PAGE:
PC prices are low enough these days that I could get a pretty passable machine, to replace this one, for not much more than $500 or so. The problem is that transferring all the software and data from my existing machine would be difficult, if not impossible. That's because I don't have all the CD-ROMs and setup files I used to install the software on this machine. Some of the former got lost when Meg and I moved from suburban Chicago to Flagstaff last October -- I can't find my Dreamweaver CD, for example. In other cases, I no longer have the installation (setup) files for some of the programs -- I deleted them in order to save disk space. I'm sure I could probably get a reasonable facsimile of my present work environment on a new machine -- probably with a couple of weeks of work. But it would be a royal pain; so I'd undoubtedly end up making do without some of the software I have here -- and I'd probably bite the bullet and buy new software for the new machine, in some cases.

PC vendors would actually make more money, because with such a painless upgrade, people would be willing to buy new machines much more often.

But I see no reason why the upgrade process should be so painful. This is where my removable-disk idea comes in. If I could simply remove the hard disk on my existing machine and plug it into a new one (with a much faster CPU, several times the memory, and maybe a second hard disk for storage), I could be up and running on the new machine in minutes, with all my old programs and data intact -- and without the need to buy a new operating system license or any new applications!

I hear you saying, "But the hardware vendors would never go for the idea, because they'd be losing the money they make selling you a disk." Au contraire, say I. PC vendors would actually make more, not less, money -- because with such a painless upgrade, people would be willing to buy new machines much more often. I know I would; given the choice between slogging away on this machine for another year or two, and running on a spiffy, lightning-fast computer again for only a few hundred bucks, it'd be a no-brainer.

And if you could transfer your existing hard disk to a new system, you'd have the added advantage of not having to pay Bill Gates & Co. yet another license fee, just for the privilege of running their latest hyper-inflated, bug-infested operating system on a new machine. This, perhaps, would be the best part of the removable-disk upgrade scheme.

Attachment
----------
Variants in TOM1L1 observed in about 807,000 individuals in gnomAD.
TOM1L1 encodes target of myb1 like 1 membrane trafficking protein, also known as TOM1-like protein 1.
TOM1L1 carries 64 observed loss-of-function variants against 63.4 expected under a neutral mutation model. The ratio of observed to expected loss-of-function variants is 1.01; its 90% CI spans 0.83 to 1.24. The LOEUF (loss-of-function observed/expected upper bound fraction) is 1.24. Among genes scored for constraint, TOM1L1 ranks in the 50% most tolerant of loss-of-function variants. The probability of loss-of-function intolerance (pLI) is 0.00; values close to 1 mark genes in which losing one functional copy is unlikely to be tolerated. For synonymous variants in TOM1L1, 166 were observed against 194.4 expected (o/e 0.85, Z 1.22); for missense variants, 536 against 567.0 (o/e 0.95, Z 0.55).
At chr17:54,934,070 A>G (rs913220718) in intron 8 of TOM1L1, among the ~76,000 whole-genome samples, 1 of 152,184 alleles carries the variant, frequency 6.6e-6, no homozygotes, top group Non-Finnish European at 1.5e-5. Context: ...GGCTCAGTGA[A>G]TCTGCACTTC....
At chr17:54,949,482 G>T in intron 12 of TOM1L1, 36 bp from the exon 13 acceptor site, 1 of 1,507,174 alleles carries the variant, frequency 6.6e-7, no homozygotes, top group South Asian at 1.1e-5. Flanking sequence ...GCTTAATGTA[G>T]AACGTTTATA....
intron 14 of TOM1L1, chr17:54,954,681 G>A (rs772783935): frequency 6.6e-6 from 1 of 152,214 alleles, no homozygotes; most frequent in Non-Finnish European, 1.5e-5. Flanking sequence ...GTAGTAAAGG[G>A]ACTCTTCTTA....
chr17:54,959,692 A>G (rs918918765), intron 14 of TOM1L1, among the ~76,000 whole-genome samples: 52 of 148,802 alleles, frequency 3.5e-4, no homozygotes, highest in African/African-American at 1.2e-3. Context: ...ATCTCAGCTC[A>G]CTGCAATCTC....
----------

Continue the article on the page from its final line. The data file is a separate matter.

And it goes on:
Cleanin' some house

Now, I know perfectly well that one of the factors that cause computers to slow down over time is simply that they get loaded down with overhead. A recent article by John Breeden II in the Washington Post explains:

The problem relates to how programs move in and out of Windows. First of all, a program isn't one monolithic object; it includes numerous little chunks of programming code, called DLL files (short for "dynamic link library"), which are socked away inside Windows' system directories. Second, when you install a program on a computer, it also loads a set of instructions inside Windows' registry file. Think of the registry file as a combination road map and traffic cop for system resources; these instructions tell the registry, and therefore Windows as a whole, where, when and how to run a program's DLLs....

When you uninstall a program you no longer need, in many cases, not everything that should get deleted actually gets deleted:

[I]n the wake of all those [uninstalled] programs is a morass of orphaned DLL files, many of which give the computer useless instructions or allocate memory for programs that no longer exist. This slowly eats at system resources--the amount of processing power and memory available to run programs--until your software bogs down or refuses to run at all.

Breeden recommends running third-party system registry utilities to clean up your system from time to time. I adopted one of his recommendations and installed Ontrack's Fix-It Utilities -- after running several of the disk optimization programs, I've found that certain operations on this machine are noticeably less excruciating than before; but they're still slow.

That's why my solution is better -- simply allow people to take their old disks and plug them into new, faster machines. If I could do that, I'd probably buy a new box every couple of years, instead of trying to get five years out of one, as I've done in the past (although, as you can probably tell, there's no way my current machine is going to make it until its fifth birthday in September, 2002).

If I could buy a faster machine, while keeping the disk from my old one, I'd be a happy camper. How about you?

Copyright © 2000 John J. Kafalas

[Note: I got a letter a couple of days after posting this column -- it was from one of my regular correspondents, informing me that he's done exactly this type of new-hardware-with-no-new-software upgrade. See the letters page for his missive... ed.]